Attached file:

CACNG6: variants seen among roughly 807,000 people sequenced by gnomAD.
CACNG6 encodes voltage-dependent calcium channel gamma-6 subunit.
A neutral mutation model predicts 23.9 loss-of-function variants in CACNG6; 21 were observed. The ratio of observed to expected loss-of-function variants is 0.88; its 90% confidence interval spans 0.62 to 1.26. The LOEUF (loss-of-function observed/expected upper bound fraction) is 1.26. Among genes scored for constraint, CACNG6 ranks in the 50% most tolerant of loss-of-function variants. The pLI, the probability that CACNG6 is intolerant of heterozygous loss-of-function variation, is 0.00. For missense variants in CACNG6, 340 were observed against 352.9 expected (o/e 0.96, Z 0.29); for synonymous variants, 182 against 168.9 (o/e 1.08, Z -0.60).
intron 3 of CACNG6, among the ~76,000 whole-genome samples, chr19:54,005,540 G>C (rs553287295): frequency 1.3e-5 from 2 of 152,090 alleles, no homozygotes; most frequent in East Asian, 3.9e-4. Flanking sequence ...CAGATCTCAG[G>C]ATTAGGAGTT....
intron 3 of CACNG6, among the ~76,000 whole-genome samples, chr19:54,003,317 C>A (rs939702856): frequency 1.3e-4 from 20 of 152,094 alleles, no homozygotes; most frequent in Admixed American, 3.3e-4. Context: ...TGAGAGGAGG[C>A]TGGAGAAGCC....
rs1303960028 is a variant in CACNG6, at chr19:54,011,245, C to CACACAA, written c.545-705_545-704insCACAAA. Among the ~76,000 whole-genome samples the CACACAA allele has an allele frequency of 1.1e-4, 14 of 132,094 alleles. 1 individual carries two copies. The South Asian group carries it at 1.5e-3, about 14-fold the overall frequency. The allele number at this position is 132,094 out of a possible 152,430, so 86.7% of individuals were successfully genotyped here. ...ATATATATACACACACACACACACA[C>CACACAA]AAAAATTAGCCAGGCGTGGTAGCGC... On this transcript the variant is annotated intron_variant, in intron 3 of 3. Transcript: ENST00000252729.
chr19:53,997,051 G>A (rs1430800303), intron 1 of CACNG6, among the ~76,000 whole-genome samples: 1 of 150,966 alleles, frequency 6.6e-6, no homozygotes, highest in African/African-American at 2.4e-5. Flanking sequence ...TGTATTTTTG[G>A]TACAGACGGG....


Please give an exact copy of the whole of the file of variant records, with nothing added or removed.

CACNG6: variants seen among roughly 807,000 people sequenced by gnomAD.
CACNG6 encodes voltage-dependent calcium channel gamma-6 subunit.
A neutral mutation model predicts 23.9 loss-of-function variants in CACNG6; 21 were observed. The ratio of observed to expected loss-of-function variants is 0.88; its 90% confidence interval spans 0.62 to 1.26. The LOEUF (loss-of-function observed/expected upper bound fraction) is 1.26. Among genes scored for constraint, CACNG6 ranks in the 50% most tolerant of loss-of-function variants. The pLI, the probability that CACNG6 is intolerant of heterozygous loss-of-function variation, is 0.00. For missense variants in CACNG6, 340 were observed against 352.9 expected (o/e 0.96, Z 0.29); for synonymous variants, 182 against 168.9 (o/e 1.08, Z -0.60).
intron 3 of CACNG6, among the ~76,000 whole-genome samples, chr19:54,005,540 G>C (rs553287295): frequency 1.3e-5 from 2 of 152,090 alleles, no homozygotes; most frequent in East Asian, 3.9e-4. Flanking sequence ...CAGATCTCAG[G>C]ATTAGGAGTT....
intron 3 of CACNG6, among the ~76,000 whole-genome samples, chr19:54,003,317 C>A (rs939702856): frequency 1.3e-4 from 20 of 152,094 alleles, no homozygotes; most frequent in Admixed American, 3.3e-4. Context: ...TGAGAGGAGG[C>A]TGGAGAAGCC....
rs1303960028 is a variant in CACNG6, at chr19:54,011,245, C to CACACAA, written c.545-705_545-704insCACAAA. Among the ~76,000 whole-genome samples the CACACAA allele has an allele frequency of 1.1e-4, 14 of 132,094 alleles. 1 individual carries two copies. The South Asian group carries it at 1.5e-3, about 14-fold the overall frequency. The allele number at this position is 132,094 out of a possible 152,430, so 86.7% of individuals were successfully genotyped here. ...ATATATATACACACACACACACACA[C>CACACAA]AAAAATTAGCCAGGCGTGGTAGCGC... On this transcript the variant is annotated intron_variant, in intron 3 of 3. Transcript: ENST00000252729.
chr19:53,997,051 G>A (rs1430800303), intron 1 of CACNG6, among the ~76,000 whole-genome samples: 1 of 150,966 alleles, frequency 6.6e-6, no homozygotes, highest in African/African-American at 2.4e-5. Flanking sequence ...TGTATTTTTG[G>A]TACAGACGGG....